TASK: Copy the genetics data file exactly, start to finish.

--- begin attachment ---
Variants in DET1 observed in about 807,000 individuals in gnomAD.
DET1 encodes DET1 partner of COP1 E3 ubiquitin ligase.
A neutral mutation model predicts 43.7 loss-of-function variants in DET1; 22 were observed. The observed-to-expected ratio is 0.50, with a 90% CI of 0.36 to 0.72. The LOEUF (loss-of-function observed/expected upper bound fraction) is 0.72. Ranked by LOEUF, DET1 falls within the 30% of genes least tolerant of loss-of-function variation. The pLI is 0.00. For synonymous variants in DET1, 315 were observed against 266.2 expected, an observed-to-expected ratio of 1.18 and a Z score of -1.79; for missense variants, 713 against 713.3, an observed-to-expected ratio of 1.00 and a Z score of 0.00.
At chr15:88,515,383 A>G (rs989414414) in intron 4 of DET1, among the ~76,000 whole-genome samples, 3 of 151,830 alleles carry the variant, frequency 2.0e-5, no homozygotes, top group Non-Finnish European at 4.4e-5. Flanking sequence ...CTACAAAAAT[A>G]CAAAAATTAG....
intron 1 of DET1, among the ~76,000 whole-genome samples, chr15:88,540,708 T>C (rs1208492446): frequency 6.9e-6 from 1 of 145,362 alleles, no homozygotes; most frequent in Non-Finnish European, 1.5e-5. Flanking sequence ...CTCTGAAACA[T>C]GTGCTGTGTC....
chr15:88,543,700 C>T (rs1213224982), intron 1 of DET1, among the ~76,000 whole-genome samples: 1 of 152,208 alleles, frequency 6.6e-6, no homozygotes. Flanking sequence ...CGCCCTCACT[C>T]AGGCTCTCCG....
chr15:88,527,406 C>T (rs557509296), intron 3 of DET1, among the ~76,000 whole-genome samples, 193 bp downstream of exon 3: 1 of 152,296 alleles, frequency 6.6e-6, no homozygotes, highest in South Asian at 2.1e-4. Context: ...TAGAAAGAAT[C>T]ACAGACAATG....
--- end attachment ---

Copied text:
Variants in DET1 observed in about 807,000 individuals in gnomAD.
DET1 encodes DET1 partner of COP1 E3 ubiquitin ligase.
A neutral mutation model predicts 43.7 loss-of-function variants in DET1; 22 were observed. The observed-to-expected ratio is 0.50, with a 90% CI of 0.36 to 0.72. The LOEUF (loss-of-function observed/expected upper bound fraction) is 0.72. Ranked by LOEUF, DET1 falls within the 30% of genes least tolerant of loss-of-function variation. The pLI is 0.00. For synonymous variants in DET1, 315 were observed against 266.2 expected, an observed-to-expected ratio of 1.18 and a Z score of -1.79; for missense variants, 713 against 713.3, an observed-to-expected ratio of 1.00 and a Z score of 0.00.
At chr15:88,515,383 A>G (rs989414414) in intron 4 of DET1, among the ~76,000 whole-genome samples, 3 of 151,830 alleles carry the variant, frequency 2.0e-5, no homozygotes, top group Non-Finnish European at 4.4e-5. Flanking sequence ...CTACAAAAAT[A>G]CAAAAATTAG....
intron 1 of DET1, among the ~76,000 whole-genome samples, chr15:88,540,708 T>C (rs1208492446): frequency 6.9e-6 from 1 of 145,362 alleles, no homozygotes; most frequent in Non-Finnish European, 1.5e-5. Flanking sequence ...CTCTGAAACA[T>C]GTGCTGTGTC....
chr15:88,543,700 C>T (rs1213224982), intron 1 of DET1, among the ~76,000 whole-genome samples: 1 of 152,208 alleles, frequency 6.6e-6, no homozygotes. Flanking sequence ...CGCCCTCACT[C>T]AGGCTCTCCG....
chr15:88,527,406 C>T (rs557509296), intron 3 of DET1, among the ~76,000 whole-genome samples, 193 bp downstream of exon 3: 1 of 152,296 alleles, frequency 6.6e-6, no homozygotes, highest in South Asian at 2.1e-4. Context: ...TAGAAAGAAT[C>T]ACAGACAATG....